Representing Abolition: A Critique of Communisation

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Highlights from Ray Brassier’s quite substantial critique of “communization”:

Endnotes “argue (rightly, in my view) that there can be no exit from the capital relation because it constitutes us: ‘What we are is, at the deepest level, constituted by this relation, and it is a rupture with the reproduction of what we are that will necessarily form the horizon of our struggles.’11 Thus there can be no secession from the capital relation, only its abolition. Communisation is the name for this abolition-in-process.”

“That only the thought of an impossible relation can render theory adequate to its object is the index of the torsion that is supposed to bind theoretical abstraction to the reality of social abstraction independently of the representational recourse to an objective correspondence relation (which would require ‘an external, Archimedean point from which to take the measure of its object’). No doubt, this impossible relation is supposed to mark communist theory’s immanence to revolutionary practice: any subordination of practice to theory (or vice versa) would threaten to reintroduce the transcendence of an external, Archimedean point, which is to say, a representation.”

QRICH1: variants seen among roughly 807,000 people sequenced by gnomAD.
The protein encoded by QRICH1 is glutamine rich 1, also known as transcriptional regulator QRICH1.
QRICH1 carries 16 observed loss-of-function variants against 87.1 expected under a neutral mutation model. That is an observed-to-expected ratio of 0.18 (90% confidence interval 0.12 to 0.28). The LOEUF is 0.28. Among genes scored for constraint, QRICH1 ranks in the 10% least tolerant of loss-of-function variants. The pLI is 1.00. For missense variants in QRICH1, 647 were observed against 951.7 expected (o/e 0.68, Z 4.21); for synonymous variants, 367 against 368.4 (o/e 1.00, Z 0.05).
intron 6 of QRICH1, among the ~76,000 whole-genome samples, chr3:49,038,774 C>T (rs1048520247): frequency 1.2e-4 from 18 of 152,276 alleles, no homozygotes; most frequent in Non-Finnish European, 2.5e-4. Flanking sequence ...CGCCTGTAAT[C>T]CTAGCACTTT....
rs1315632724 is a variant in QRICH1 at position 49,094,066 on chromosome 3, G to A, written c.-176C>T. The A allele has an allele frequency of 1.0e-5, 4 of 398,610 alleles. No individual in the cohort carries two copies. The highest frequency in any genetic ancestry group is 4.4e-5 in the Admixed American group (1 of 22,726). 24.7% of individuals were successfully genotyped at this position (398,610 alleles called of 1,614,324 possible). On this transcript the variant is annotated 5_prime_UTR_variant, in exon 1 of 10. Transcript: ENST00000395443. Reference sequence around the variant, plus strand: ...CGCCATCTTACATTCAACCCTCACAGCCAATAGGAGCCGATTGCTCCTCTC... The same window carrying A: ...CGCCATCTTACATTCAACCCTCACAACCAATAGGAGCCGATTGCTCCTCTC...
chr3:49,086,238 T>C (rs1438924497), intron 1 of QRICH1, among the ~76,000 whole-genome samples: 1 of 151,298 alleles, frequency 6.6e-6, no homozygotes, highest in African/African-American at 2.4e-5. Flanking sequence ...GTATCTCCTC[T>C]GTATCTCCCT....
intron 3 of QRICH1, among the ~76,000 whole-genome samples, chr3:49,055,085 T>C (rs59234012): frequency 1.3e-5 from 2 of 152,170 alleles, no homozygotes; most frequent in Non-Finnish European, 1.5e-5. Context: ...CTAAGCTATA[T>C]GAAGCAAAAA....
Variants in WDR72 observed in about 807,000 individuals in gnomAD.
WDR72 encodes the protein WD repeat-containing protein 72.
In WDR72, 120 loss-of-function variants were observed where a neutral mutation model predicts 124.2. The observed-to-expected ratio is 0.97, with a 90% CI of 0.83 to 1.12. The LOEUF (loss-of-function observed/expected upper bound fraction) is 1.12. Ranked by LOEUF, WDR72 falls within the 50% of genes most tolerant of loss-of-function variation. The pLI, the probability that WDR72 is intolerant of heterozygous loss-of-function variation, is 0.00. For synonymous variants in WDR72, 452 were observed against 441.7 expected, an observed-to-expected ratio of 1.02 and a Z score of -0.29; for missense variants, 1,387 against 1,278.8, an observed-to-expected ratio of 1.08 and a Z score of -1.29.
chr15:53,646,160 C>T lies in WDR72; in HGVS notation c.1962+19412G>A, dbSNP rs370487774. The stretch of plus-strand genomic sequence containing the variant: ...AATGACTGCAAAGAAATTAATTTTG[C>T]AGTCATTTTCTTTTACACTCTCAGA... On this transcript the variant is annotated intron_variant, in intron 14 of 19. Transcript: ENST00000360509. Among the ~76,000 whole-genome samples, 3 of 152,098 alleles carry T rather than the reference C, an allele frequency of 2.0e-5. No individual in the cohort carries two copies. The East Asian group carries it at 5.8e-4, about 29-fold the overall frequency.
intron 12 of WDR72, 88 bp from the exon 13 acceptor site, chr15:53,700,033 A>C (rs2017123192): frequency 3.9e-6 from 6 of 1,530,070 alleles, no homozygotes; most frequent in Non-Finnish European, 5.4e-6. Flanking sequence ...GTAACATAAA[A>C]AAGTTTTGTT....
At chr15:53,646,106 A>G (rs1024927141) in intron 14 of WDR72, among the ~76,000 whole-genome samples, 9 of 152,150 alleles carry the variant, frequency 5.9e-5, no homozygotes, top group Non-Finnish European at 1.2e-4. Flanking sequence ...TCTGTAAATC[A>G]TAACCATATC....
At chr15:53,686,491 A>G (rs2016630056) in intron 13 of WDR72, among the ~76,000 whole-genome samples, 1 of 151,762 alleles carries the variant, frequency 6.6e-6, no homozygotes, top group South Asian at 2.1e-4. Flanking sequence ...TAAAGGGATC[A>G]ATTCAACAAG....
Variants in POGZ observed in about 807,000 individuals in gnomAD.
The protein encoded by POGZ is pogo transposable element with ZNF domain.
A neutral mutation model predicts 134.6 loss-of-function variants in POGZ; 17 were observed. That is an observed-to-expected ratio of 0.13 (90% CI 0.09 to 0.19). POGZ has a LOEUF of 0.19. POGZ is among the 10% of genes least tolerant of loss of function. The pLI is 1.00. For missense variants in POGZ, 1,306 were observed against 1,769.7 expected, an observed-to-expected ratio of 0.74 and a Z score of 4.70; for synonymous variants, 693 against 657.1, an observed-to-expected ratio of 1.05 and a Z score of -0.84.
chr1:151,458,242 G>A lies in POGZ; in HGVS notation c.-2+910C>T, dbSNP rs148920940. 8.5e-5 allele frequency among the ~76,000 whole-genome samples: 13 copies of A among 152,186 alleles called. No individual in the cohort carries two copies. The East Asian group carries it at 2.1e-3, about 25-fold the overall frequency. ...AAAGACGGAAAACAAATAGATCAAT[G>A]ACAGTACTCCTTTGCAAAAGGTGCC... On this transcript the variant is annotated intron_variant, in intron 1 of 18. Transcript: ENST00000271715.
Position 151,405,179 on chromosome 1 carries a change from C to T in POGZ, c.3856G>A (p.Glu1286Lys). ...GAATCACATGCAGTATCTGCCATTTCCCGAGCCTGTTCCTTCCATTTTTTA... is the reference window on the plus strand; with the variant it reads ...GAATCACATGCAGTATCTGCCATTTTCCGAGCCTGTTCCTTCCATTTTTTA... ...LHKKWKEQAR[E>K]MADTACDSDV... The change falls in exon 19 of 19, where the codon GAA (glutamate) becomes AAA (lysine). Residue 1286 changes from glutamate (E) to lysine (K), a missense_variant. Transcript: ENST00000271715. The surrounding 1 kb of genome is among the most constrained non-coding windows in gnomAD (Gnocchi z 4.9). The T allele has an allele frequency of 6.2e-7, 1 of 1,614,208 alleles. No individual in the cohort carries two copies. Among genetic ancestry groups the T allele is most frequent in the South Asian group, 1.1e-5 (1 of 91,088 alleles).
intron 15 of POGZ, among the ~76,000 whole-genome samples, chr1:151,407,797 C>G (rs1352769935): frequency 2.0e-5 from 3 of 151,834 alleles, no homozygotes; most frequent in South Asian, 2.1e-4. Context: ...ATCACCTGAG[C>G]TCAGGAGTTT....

“The issue of the realisation of function is crucial for clarifying the relation between conceptual and real abstraction. Communisation short-circuits conceptual abstraction and social abstraction in an insurrectionary praxis whose fixation on totality prevents it from formulating criteria for distinguishing between progressive and regressive social forms.”

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